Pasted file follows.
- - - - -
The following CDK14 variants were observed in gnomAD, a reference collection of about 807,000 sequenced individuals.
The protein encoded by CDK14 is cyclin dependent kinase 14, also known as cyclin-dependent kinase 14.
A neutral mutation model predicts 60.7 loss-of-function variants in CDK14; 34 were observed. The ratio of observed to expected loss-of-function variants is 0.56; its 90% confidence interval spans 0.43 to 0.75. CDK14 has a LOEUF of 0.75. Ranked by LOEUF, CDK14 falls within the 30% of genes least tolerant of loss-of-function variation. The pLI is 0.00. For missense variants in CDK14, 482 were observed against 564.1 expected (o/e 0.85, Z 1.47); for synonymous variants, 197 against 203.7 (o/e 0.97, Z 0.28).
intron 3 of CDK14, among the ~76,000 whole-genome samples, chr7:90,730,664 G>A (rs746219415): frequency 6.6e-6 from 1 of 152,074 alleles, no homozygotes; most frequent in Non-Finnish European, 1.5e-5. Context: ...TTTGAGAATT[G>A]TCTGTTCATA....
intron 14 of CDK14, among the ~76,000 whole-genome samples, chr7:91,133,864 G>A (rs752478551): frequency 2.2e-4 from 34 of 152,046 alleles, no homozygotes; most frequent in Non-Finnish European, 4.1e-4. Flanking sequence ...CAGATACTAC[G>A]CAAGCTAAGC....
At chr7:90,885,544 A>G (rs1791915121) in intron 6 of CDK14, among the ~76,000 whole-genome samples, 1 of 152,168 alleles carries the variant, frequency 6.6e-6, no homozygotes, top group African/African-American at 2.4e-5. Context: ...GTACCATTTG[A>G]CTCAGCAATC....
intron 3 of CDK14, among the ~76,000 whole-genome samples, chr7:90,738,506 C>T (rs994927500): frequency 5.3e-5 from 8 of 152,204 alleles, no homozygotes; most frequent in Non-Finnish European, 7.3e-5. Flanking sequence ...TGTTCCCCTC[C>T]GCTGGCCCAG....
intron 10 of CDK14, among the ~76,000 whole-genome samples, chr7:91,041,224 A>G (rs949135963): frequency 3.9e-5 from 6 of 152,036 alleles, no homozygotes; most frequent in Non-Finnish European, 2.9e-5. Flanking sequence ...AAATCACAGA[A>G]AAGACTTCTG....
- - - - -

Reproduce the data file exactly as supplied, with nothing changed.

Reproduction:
The following CDK14 variants were observed in gnomAD, a reference collection of about 807,000 sequenced individuals.
The protein encoded by CDK14 is cyclin dependent kinase 14, also known as cyclin-dependent kinase 14.
A neutral mutation model predicts 60.7 loss-of-function variants in CDK14; 34 were observed. The ratio of observed to expected loss-of-function variants is 0.56; its 90% confidence interval spans 0.43 to 0.75. CDK14 has a LOEUF of 0.75. Ranked by LOEUF, CDK14 falls within the 30% of genes least tolerant of loss-of-function variation. The pLI is 0.00. For missense variants in CDK14, 482 were observed against 564.1 expected (o/e 0.85, Z 1.47); for synonymous variants, 197 against 203.7 (o/e 0.97, Z 0.28).
intron 3 of CDK14, among the ~76,000 whole-genome samples, chr7:90,730,664 G>A (rs746219415): frequency 6.6e-6 from 1 of 152,074 alleles, no homozygotes; most frequent in Non-Finnish European, 1.5e-5. Context: ...TTTGAGAATT[G>A]TCTGTTCATA....
intron 14 of CDK14, among the ~76,000 whole-genome samples, chr7:91,133,864 G>A (rs752478551): frequency 2.2e-4 from 34 of 152,046 alleles, no homozygotes; most frequent in Non-Finnish European, 4.1e-4. Flanking sequence ...CAGATACTAC[G>A]CAAGCTAAGC....
At chr7:90,885,544 A>G (rs1791915121) in intron 6 of CDK14, among the ~76,000 whole-genome samples, 1 of 152,168 alleles carries the variant, frequency 6.6e-6, no homozygotes, top group African/African-American at 2.4e-5. Context: ...GTACCATTTG[A>G]CTCAGCAATC....
intron 3 of CDK14, among the ~76,000 whole-genome samples, chr7:90,738,506 C>T (rs994927500): frequency 5.3e-5 from 8 of 152,204 alleles, no homozygotes; most frequent in Non-Finnish European, 7.3e-5. Flanking sequence ...TGTTCCCCTC[C>T]GCTGGCCCAG....
intron 10 of CDK14, among the ~76,000 whole-genome samples, chr7:91,041,224 A>G (rs949135963): frequency 3.9e-5 from 6 of 152,036 alleles, no homozygotes; most frequent in Non-Finnish European, 2.9e-5. Flanking sequence ...AAATCACAGA[A>G]AAGACTTCTG....